The representation of the environment is an essential aspect in mobility, and the information from the various sensors (radar, cameras, tactile sensors, etc.) must be interpreted in the best possible way. Location and navigation strategies, allowing a mobile robot to move to reach a goal, are extremely diverse and account must be taken of possible unforeseen elements such as moving obstructions. Learning is part of the research related to mobile robotics.
Today, a large number of the developments concern the field of service robotics. A service robot operates autonomously, or semi-autonomously, to provide services useful for the well-being of humans or the proper functioning of equipment, excluding manufacturing operations. Although it still seems far away, the prospect of the massive arrival of robots in our daily lives is no longer science fiction.
Domestic robots intended for the general public made their appearance at the beginning of the 21st century, with, for example, vacuum cleaners (beginning in 2002 with the Roomba robot from the company iRobot). They are multiplying, especially in the field of leisure (toys, companion robots, etc.).
Another sector of service robotics is set to experience strong growth in the coming years: medical robots and more broadly all those robots for assisting medical personnel as well as the elderly or disabled (automated wheelchairs, motor assistance robots, etc.).
Delivery robots appear, and distribution giants prepare them. In some healthcare facilities, a robot is used to transport medications from the central pharmacy to the appropriate departments. Our favorite pizza may soon be delivered to us by a drone.
Finally, in addition to the complexity of tasks and environments, there is an essential factor in service robotics when operating in the presence of humans: how can we guarantee total safety for humans when robots are in their homes?
We have mentioned many types of robots, each of which is intended to perform more or less complex tasks and to replace, or at least help, the human hand in the execution of these tasks. But there is a considerable distance between the capabilities of these robots, even very sophisticated ones, and human capabilities. The dream of roboticists is to be able to create robots “in the image of humans”.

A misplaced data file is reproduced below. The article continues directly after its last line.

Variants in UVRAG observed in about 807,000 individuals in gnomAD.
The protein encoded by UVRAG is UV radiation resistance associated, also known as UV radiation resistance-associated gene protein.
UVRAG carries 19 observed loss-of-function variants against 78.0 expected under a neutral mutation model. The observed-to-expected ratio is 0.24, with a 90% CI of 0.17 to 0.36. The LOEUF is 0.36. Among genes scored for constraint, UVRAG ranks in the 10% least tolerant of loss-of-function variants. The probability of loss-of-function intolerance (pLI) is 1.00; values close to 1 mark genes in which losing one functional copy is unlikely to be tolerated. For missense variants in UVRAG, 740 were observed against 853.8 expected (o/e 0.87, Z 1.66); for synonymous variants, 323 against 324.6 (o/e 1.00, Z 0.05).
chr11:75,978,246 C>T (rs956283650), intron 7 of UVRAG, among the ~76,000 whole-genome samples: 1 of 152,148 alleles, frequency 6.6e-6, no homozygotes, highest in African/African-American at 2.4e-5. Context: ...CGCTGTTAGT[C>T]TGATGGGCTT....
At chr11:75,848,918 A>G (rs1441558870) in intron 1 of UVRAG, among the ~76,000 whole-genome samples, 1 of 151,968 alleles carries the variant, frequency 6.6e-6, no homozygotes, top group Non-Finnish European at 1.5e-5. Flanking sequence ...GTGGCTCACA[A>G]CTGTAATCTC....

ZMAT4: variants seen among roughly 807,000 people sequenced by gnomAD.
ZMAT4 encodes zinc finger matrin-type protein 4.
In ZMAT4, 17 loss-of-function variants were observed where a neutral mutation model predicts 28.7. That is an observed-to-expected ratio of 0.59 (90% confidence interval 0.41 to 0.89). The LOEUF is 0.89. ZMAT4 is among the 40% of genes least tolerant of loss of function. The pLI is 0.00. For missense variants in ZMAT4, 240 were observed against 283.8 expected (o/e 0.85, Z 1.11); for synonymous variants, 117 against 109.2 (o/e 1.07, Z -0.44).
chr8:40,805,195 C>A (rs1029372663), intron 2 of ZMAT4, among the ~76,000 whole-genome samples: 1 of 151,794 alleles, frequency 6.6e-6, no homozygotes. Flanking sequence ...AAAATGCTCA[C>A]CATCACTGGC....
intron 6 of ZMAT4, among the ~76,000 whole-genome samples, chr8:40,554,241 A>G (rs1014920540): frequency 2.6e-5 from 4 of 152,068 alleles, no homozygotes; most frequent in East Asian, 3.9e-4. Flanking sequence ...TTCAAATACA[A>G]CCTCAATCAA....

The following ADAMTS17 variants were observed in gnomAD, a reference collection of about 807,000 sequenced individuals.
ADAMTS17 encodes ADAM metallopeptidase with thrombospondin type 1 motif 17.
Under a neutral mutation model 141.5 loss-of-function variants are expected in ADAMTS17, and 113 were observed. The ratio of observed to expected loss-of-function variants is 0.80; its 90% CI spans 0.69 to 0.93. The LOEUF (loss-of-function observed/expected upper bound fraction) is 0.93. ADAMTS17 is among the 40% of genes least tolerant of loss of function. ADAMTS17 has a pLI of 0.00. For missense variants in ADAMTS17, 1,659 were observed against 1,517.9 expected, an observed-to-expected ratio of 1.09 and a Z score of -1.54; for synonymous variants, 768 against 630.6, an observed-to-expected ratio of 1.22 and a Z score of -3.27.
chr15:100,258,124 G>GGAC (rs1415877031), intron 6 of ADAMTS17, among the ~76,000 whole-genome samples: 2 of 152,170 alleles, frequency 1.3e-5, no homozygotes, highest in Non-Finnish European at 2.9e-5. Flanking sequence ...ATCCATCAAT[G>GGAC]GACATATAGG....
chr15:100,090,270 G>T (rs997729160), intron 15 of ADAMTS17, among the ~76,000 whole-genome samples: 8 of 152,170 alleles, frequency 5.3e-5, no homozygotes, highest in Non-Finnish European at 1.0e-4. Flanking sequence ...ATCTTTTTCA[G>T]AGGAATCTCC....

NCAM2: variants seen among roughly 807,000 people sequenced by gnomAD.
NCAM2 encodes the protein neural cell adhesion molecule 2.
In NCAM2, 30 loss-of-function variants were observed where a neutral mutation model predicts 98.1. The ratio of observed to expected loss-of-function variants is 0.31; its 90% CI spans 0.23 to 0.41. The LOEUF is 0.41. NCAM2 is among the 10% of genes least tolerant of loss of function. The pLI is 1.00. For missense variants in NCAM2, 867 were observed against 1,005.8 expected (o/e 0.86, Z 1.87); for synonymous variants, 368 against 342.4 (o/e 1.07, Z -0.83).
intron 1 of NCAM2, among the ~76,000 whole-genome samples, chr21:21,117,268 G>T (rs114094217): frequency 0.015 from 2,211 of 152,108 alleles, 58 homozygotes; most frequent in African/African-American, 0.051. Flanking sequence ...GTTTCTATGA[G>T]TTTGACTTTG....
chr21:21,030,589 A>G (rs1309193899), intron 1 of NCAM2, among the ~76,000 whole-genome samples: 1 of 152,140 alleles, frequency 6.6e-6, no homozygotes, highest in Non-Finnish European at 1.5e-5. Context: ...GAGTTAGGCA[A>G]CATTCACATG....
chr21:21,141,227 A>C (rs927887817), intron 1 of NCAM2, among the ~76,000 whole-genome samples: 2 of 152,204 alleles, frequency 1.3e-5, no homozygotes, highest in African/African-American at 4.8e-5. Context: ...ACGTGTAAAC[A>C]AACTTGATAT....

Roboticists would like their robot to have the motor skills of humans because they are essential in many applications. Industry needs robots that can kneel or bend like a human, move around by resting not only on their feet, but also on their knees, hands or elbows, just as we do when we crawl.
Humanoid robotics faces a huge challenge: it is a question of getting as close as possible to the capacities of a complex living being, their motor abilities, as well as their social capacities and, ultimately, their cognitive capacities. Human appearance, which is what is put forward for publicity reasons, is neither the most important nor the most complicated point for roboticists.
There are many jobs in representation, in which appearance counts a lot, and we prefer that the robot that welcomes us looks like a human rather than an assembly of metal parts. This is true, for example, of the hotel receptionist who must be welcoming, the TV news presenter or the guide in a museum. Appearance, the quality of communication and the ability to express emotions all become important criteria.
Cognitive abilities are by far the most complex. Today, we can tell the robot to “go get a bottle of water from the fridge”; tomorrow, we can tell it to “make me lunch”. We will be able to endow robots with a certain intelligence (learning, ability to adapt to the unexpected), but we will still be very far from a robot capable of feeling, opinion, creativity, living in a community, etc. (see section 5.2).
The main obstacle to the widespread use of these robots will not be technological or economic but social. These robots will have to be able to express emotions and react in a way close to that of a real human to be accepted in our daily life.
In addition to technical questions (locomotion, relationship with humans, intelligence, appearance, autonomy, ability to adapt to the unexpected, etc.), there are also philosophical questions (can humans accept being accompanied by robots that resembles them? Does a humanoid have the same responsibility as a human)?
Jobs and skills will continue to evolve, but the human element will always be present. Cobotics (a neologism derived from the words “cooperation” and “robotics”), or collaborative robotics, aims to develop robotic technologies in continuous interaction with humans. The robot is no longer intended to replace a human, but to help him/her, to assist him/her. The human remains focused on the most complex part of the task requiring dexterity, perception, analysis, learning and experience. Thus, a cobot is a robotic device designed, manufactured and used to interact with a human operator.